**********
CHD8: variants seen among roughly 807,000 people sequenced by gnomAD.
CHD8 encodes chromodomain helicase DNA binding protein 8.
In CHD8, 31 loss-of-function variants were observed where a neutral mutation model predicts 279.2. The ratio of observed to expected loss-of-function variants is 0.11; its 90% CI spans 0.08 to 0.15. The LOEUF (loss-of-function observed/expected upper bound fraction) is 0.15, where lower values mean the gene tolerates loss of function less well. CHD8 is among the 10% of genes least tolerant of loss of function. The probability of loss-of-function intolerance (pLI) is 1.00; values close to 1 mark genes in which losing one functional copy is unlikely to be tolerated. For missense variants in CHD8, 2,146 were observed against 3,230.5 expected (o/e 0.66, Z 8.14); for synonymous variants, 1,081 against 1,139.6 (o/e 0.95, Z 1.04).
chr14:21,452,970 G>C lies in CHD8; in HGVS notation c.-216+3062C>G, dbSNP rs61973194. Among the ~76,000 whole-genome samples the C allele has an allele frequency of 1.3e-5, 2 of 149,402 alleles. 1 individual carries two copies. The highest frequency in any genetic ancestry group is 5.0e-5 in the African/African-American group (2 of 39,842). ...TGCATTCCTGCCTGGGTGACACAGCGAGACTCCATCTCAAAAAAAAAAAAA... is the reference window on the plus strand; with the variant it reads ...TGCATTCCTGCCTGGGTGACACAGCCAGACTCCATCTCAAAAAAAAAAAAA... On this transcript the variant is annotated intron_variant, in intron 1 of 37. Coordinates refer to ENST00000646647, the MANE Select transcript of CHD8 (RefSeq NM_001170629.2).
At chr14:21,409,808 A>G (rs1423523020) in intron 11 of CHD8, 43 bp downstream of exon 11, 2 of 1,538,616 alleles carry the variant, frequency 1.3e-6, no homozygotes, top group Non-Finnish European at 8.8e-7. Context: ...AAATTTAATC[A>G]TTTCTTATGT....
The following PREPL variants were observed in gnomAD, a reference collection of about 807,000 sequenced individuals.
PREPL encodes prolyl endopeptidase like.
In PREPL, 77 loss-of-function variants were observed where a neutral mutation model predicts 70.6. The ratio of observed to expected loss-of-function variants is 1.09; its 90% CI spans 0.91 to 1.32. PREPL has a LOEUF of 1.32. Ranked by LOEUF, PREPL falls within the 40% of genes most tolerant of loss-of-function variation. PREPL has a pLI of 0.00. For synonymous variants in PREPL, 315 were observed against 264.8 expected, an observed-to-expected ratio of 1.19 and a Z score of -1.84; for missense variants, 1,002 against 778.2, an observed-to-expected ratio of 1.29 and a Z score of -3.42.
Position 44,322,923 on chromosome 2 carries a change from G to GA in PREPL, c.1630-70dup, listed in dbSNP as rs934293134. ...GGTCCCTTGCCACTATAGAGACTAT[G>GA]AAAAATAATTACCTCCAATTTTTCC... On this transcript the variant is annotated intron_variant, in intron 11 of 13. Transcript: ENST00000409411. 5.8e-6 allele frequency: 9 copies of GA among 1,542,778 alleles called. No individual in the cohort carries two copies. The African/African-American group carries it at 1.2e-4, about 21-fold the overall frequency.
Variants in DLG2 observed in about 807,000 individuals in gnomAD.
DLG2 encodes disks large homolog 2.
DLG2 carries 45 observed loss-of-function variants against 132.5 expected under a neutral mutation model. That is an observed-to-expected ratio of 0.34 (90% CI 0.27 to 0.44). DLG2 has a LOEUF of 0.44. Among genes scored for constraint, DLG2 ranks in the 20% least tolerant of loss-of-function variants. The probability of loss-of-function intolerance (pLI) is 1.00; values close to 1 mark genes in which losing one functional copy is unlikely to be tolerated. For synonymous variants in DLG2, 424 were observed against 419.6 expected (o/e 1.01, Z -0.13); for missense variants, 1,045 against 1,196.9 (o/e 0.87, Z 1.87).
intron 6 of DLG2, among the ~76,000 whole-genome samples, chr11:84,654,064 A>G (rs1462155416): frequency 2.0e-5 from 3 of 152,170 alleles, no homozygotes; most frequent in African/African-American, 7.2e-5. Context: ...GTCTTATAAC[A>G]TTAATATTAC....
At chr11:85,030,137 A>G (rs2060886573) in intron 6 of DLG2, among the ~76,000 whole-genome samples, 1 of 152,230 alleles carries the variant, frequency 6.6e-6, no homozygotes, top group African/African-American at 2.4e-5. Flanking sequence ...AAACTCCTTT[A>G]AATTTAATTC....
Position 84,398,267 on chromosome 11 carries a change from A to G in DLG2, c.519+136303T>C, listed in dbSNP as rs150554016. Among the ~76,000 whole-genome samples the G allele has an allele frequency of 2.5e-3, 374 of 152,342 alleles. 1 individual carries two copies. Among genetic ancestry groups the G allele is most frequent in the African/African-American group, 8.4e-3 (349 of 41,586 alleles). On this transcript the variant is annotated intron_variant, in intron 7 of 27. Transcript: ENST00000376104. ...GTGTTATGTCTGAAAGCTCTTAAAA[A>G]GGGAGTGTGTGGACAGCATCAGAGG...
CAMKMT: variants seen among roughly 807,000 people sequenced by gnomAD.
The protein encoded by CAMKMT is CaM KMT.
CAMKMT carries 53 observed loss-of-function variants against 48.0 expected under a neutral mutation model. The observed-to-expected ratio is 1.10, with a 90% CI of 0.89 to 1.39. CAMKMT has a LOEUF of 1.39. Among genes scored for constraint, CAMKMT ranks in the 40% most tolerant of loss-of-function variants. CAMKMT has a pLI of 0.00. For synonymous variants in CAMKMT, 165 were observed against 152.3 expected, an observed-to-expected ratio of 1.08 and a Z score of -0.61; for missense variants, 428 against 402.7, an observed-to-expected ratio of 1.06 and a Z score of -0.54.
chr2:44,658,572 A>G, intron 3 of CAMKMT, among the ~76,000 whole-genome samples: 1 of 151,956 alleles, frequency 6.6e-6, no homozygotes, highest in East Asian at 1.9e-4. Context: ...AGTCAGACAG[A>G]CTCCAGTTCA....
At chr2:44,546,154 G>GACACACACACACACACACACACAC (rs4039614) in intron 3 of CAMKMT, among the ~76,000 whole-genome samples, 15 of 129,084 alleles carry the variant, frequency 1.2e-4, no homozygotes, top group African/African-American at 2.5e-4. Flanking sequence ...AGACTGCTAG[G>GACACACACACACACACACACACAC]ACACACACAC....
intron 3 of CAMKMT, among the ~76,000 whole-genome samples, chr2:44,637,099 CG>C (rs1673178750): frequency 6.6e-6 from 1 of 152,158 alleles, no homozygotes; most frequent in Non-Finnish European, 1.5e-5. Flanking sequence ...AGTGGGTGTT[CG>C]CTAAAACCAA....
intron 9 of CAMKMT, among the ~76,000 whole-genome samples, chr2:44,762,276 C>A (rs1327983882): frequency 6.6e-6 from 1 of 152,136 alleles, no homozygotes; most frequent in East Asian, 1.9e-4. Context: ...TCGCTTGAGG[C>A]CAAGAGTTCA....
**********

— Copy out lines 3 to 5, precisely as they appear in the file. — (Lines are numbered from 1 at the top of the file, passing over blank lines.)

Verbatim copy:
In CHD8, 31 loss-of-function variants were observed where a neutral mutation model predicts 279.2. The ratio of observed to expected loss-of-function variants is 0.11; its 90% CI spans 0.08 to 0.15. The LOEUF (loss-of-function observed/expected upper bound fraction) is 0.15, where lower values mean the gene tolerates loss of function less well. CHD8 is among the 10% of genes least tolerant of loss of function. The probability of loss-of-function intolerance (pLI) is 1.00; values close to 1 mark genes in which losing one functional copy is unlikely to be tolerated. For missense variants in CHD8, 2,146 were observed against 3,230.5 expected (o/e 0.66, Z 8.14); for synonymous variants, 1,081 against 1,139.6 (o/e 0.95, Z 1.04).
chr14:21,452,970 G>C lies in CHD8; in HGVS notation c.-216+3062C>G, dbSNP rs61973194. Among the ~76,000 whole-genome samples the C allele has an allele frequency of 1.3e-5, 2 of 149,402 alleles. 1 individual carries two copies. The highest frequency in any genetic ancestry group is 5.0e-5 in the African/African-American group (2 of 39,842). ...TGCATTCCTGCCTGGGTGACACAGCGAGACTCCATCTCAAAAAAAAAAAAA... is the reference window on the plus strand; with the variant it reads ...TGCATTCCTGCCTGGGTGACACAGCCAGACTCCATCTCAAAAAAAAAAAAA... On this transcript the variant is annotated intron_variant, in intron 1 of 37. Coordinates refer to ENST00000646647, the MANE Select transcript of CHD8 (RefSeq NM_001170629.2).
At chr14:21,409,808 A>G (rs1423523020) in intron 11 of CHD8, 43 bp downstream of exon 11, 2 of 1,538,616 alleles carry the variant, frequency 1.3e-6, no homozygotes, top group Non-Finnish European at 8.8e-7. Context: ...AAATTTAATC[A>G]TTTCTTATGT....